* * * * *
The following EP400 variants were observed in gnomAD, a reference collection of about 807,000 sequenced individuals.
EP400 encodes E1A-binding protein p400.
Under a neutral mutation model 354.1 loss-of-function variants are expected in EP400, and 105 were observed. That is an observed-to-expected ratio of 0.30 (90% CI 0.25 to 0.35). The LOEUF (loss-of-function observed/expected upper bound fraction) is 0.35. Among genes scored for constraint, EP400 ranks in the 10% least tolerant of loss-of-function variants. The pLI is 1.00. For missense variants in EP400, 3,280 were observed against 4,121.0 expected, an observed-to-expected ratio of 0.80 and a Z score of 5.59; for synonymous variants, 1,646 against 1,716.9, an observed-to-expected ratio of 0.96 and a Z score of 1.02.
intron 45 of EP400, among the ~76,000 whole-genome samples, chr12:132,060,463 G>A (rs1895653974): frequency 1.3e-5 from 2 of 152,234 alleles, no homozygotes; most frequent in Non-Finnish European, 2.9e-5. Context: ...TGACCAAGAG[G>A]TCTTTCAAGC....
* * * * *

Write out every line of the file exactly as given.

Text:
The following EP400 variants were observed in gnomAD, a reference collection of about 807,000 sequenced individuals.
EP400 encodes E1A-binding protein p400.
Under a neutral mutation model 354.1 loss-of-function variants are expected in EP400, and 105 were observed. That is an observed-to-expected ratio of 0.30 (90% CI 0.25 to 0.35). The LOEUF (loss-of-function observed/expected upper bound fraction) is 0.35. Among genes scored for constraint, EP400 ranks in the 10% least tolerant of loss-of-function variants. The pLI is 1.00. For missense variants in EP400, 3,280 were observed against 4,121.0 expected, an observed-to-expected ratio of 0.80 and a Z score of 5.59; for synonymous variants, 1,646 against 1,716.9, an observed-to-expected ratio of 0.96 and a Z score of 1.02.
intron 45 of EP400, among the ~76,000 whole-genome samples, chr12:132,060,463 G>A (rs1895653974): frequency 1.3e-5 from 2 of 152,234 alleles, no homozygotes; most frequent in Non-Finnish European, 2.9e-5. Context: ...TGACCAAGAG[G>A]TCTTTCAAGC....